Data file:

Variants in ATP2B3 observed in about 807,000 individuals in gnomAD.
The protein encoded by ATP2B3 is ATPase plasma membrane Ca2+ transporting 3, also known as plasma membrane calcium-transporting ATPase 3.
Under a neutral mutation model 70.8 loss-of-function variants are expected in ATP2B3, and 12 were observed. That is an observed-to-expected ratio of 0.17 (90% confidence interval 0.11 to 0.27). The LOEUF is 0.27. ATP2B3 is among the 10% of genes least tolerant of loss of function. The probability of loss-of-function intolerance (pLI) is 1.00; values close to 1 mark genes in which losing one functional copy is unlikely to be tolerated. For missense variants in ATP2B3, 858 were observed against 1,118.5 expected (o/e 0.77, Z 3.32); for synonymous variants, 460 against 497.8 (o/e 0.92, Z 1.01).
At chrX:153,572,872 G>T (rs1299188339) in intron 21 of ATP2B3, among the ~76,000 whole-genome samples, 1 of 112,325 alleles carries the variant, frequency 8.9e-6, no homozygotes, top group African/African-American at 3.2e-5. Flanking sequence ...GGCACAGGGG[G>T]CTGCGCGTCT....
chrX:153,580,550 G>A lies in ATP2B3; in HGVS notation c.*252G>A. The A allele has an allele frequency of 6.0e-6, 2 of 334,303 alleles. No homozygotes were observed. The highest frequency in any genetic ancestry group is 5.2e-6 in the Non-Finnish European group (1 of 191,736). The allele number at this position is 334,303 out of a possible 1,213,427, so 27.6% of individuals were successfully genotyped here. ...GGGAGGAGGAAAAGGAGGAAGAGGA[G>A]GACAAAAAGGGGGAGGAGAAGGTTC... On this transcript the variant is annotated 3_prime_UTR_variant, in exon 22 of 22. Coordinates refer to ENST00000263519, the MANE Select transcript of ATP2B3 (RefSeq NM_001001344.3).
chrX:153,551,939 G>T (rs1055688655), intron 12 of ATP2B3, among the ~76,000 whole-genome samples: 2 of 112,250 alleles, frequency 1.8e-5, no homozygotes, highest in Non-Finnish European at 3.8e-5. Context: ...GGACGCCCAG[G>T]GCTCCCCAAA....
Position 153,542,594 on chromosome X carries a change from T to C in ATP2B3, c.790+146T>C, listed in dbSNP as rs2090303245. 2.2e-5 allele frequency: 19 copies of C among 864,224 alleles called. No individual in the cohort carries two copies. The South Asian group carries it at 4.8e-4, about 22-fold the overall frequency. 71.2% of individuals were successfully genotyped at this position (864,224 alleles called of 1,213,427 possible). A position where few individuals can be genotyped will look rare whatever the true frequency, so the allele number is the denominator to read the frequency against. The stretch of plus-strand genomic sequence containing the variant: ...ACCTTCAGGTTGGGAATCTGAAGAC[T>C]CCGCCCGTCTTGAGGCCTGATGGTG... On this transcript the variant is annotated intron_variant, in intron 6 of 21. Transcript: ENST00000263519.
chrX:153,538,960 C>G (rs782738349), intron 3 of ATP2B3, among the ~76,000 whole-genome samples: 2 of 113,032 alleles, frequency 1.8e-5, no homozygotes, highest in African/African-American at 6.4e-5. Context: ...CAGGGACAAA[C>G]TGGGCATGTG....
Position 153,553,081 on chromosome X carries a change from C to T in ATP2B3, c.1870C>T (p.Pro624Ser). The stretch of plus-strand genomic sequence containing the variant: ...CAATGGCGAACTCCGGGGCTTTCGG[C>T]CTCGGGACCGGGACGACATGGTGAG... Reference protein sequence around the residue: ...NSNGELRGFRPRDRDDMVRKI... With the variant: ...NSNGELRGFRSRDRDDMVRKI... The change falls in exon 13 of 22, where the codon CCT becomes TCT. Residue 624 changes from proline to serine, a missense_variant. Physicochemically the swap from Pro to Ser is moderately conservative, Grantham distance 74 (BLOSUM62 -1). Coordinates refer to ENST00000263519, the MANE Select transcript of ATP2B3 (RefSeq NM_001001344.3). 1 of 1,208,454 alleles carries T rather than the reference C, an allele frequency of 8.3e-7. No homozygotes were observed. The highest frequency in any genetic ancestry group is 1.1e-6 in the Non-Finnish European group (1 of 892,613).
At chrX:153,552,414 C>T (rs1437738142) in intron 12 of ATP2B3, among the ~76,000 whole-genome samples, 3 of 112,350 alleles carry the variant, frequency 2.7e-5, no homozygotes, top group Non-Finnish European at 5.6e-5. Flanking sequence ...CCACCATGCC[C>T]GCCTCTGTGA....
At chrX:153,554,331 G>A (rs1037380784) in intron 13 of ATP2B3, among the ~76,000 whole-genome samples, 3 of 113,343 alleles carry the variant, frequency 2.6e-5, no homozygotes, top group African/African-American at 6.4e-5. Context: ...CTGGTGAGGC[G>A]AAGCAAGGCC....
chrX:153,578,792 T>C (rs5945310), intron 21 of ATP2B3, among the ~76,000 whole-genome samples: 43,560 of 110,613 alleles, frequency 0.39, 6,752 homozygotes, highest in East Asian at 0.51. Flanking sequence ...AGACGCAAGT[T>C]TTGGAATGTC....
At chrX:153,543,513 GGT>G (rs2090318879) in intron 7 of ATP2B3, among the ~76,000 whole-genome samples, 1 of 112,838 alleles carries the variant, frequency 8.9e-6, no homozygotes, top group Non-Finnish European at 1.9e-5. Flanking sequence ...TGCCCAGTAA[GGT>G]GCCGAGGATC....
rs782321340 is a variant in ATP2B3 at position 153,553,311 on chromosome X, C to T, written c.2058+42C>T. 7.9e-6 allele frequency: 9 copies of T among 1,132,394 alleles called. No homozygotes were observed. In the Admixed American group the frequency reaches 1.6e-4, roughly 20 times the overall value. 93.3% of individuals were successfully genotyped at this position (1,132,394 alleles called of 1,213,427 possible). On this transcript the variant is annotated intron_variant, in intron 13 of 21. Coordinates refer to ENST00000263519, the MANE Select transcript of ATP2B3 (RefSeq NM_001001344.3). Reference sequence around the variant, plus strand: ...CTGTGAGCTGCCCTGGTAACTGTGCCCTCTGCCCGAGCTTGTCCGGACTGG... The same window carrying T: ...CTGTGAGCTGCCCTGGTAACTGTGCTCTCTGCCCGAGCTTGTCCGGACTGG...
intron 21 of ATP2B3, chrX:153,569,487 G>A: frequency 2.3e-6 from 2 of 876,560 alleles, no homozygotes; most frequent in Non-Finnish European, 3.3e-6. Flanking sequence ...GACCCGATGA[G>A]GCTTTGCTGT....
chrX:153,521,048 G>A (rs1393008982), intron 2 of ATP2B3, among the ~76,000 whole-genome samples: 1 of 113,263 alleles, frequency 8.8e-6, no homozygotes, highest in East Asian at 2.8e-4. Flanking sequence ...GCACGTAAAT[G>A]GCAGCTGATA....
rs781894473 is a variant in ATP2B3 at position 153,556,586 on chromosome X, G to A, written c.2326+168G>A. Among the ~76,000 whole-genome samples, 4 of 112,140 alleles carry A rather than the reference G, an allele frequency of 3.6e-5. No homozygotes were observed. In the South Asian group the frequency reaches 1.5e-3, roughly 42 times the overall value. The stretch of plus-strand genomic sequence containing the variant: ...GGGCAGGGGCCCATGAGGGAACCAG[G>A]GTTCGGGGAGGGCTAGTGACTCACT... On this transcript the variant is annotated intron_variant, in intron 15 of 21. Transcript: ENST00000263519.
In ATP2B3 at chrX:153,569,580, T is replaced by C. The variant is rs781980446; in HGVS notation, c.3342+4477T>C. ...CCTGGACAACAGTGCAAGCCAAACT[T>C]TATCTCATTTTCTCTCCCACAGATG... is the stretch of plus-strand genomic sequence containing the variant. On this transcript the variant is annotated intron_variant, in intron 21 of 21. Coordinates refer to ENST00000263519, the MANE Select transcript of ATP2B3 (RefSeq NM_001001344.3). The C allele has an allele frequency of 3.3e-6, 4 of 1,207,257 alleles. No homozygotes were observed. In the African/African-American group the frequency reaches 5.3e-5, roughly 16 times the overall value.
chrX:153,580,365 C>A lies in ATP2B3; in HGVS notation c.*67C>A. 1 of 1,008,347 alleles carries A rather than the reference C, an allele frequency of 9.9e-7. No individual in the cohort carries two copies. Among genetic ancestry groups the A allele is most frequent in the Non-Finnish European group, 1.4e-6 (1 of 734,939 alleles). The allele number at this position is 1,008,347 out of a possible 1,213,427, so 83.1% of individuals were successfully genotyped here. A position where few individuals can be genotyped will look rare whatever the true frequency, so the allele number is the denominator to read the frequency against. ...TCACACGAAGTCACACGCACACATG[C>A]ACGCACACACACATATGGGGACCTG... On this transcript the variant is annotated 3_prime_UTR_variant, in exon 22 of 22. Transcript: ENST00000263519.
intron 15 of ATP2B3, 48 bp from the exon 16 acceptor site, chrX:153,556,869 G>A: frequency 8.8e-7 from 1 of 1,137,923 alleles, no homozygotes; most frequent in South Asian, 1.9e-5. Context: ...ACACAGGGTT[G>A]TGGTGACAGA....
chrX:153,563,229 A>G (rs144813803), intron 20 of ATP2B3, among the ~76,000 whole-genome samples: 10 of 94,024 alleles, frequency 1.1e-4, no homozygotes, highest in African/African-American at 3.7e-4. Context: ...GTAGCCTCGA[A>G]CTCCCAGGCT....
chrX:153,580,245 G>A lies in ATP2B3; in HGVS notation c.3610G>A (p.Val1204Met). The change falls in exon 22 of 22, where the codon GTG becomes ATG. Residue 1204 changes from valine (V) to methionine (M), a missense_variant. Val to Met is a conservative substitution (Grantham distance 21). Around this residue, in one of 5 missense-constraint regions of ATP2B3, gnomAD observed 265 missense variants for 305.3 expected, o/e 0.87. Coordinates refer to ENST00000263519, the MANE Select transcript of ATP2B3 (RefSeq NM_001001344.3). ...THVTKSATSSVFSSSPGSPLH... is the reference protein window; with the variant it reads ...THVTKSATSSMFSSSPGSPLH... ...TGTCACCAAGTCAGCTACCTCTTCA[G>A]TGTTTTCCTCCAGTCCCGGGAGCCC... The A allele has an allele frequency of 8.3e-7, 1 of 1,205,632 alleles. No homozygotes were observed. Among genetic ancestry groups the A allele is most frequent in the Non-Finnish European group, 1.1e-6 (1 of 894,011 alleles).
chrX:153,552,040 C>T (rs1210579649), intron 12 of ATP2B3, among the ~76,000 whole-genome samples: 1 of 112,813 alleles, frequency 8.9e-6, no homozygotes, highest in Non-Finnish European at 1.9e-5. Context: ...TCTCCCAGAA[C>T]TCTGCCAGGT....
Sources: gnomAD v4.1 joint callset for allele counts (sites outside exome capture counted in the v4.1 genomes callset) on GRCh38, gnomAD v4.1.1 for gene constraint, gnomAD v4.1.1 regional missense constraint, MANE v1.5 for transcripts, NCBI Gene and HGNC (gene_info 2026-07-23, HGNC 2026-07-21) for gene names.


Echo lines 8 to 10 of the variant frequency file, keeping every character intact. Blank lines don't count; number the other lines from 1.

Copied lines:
chrX:153,538,960 C>G (rs782738349), intron 3 of ATP2B3, among the ~76,000 whole-genome samples: 2 of 113,032 alleles, frequency 1.8e-5, no homozygotes, highest in African/African-American at 6.4e-5. Context: ...CAGGGACAAA[C>G]TGGGCATGTG....
Position 153,553,081 on chromosome X carries a change from C to T in ATP2B3, c.1870C>T (p.Pro624Ser). The stretch of plus-strand genomic sequence containing the variant: ...CAATGGCGAACTCCGGGGCTTTCGG[C>T]CTCGGGACCGGGACGACATGGTGAG... Reference protein sequence around the residue: ...NSNGELRGFRPRDRDDMVRKI... With the variant: ...NSNGELRGFRSRDRDDMVRKI... The change falls in exon 13 of 22, where the codon CCT becomes TCT. Residue 624 changes from proline to serine, a missense_variant. Physicochemically the swap from Pro to Ser is moderately conservative, Grantham distance 74 (BLOSUM62 -1). Coordinates refer to ENST00000263519, the MANE Select transcript of ATP2B3 (RefSeq NM_001001344.3). 1 of 1,208,454 alleles carries T rather than the reference C, an allele frequency of 8.3e-7. No homozygotes were observed. The highest frequency in any genetic ancestry group is 1.1e-6 in the Non-Finnish European group (1 of 892,613).
At chrX:153,552,414 C>T (rs1437738142) in intron 12 of ATP2B3, among the ~76,000 whole-genome samples, 3 of 112,350 alleles carry the variant, frequency 2.7e-5, no homozygotes, top group Non-Finnish European at 5.6e-5. Flanking sequence ...CCACCATGCC[C>T]GCCTCTGTGA....